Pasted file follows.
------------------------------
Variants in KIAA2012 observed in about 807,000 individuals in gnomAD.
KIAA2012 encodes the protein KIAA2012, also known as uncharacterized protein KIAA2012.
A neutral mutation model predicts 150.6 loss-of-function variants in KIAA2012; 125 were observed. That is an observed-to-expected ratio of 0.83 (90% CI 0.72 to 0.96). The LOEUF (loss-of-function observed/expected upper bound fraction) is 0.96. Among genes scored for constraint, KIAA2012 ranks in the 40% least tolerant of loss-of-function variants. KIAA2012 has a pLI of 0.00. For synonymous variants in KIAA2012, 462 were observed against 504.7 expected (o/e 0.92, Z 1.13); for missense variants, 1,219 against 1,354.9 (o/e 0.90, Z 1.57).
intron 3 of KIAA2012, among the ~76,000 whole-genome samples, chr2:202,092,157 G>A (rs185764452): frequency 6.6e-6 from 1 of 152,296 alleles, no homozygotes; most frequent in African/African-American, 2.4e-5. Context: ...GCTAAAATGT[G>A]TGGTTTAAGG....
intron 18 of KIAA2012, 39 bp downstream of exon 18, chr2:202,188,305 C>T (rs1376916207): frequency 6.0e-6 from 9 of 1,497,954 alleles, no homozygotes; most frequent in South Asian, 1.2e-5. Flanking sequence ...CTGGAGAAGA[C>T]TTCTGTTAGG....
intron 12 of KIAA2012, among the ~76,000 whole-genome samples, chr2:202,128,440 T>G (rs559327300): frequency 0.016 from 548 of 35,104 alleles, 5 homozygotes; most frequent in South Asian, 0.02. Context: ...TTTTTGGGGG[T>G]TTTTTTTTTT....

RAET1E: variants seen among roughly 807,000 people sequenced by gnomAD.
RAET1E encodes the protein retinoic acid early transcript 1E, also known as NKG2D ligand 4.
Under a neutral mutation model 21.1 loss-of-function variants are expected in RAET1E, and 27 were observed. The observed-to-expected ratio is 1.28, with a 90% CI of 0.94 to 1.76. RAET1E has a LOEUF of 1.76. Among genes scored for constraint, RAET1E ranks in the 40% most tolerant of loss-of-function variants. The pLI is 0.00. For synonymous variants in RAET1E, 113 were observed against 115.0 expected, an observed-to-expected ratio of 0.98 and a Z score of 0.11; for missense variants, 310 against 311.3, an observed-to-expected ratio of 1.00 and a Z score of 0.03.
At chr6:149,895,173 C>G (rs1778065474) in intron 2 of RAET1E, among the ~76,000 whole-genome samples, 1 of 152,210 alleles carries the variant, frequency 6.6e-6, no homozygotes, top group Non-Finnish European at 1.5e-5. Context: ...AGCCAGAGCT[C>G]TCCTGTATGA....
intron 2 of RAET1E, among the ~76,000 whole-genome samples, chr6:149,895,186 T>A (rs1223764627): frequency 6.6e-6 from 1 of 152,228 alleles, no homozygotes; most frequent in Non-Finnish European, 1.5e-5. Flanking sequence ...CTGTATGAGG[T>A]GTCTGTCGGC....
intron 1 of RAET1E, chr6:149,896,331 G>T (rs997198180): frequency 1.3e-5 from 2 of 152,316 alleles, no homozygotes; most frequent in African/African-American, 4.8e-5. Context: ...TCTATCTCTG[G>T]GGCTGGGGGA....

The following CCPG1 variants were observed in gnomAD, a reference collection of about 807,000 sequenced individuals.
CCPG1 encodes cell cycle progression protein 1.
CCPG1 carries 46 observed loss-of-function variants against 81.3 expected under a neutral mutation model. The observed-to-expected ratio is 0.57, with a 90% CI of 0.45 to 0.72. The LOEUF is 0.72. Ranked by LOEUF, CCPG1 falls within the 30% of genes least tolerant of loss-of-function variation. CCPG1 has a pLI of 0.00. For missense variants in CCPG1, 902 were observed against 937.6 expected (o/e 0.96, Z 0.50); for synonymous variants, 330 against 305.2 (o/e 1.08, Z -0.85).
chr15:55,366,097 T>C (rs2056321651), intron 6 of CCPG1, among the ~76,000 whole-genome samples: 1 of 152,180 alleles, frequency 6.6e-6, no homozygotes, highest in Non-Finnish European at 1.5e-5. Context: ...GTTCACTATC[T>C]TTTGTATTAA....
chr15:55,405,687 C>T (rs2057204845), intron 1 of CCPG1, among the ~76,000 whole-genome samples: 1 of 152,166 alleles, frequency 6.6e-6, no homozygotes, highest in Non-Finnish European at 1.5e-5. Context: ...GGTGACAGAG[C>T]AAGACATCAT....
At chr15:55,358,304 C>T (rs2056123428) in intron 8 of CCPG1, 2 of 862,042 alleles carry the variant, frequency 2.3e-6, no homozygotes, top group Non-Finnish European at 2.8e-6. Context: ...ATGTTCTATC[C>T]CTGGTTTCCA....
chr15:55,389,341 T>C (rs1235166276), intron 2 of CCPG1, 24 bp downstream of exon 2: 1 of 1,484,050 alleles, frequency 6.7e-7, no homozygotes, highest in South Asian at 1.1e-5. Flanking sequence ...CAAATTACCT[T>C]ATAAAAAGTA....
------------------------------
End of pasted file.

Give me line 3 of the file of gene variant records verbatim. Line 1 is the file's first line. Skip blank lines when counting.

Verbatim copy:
A neutral mutation model predicts 150.6 loss-of-function variants in KIAA2012; 125 were observed. That is an observed-to-expected ratio of 0.83 (90% CI 0.72 to 0.96). The LOEUF (loss-of-function observed/expected upper bound fraction) is 0.96. Among genes scored for constraint, KIAA2012 ranks in the 40% least tolerant of loss-of-function variants. KIAA2012 has a pLI of 0.00. For synonymous variants in KIAA2012, 462 were observed against 504.7 expected (o/e 0.92, Z 1.13); for missense variants, 1,219 against 1,354.9 (o/e 0.90, Z 1.57).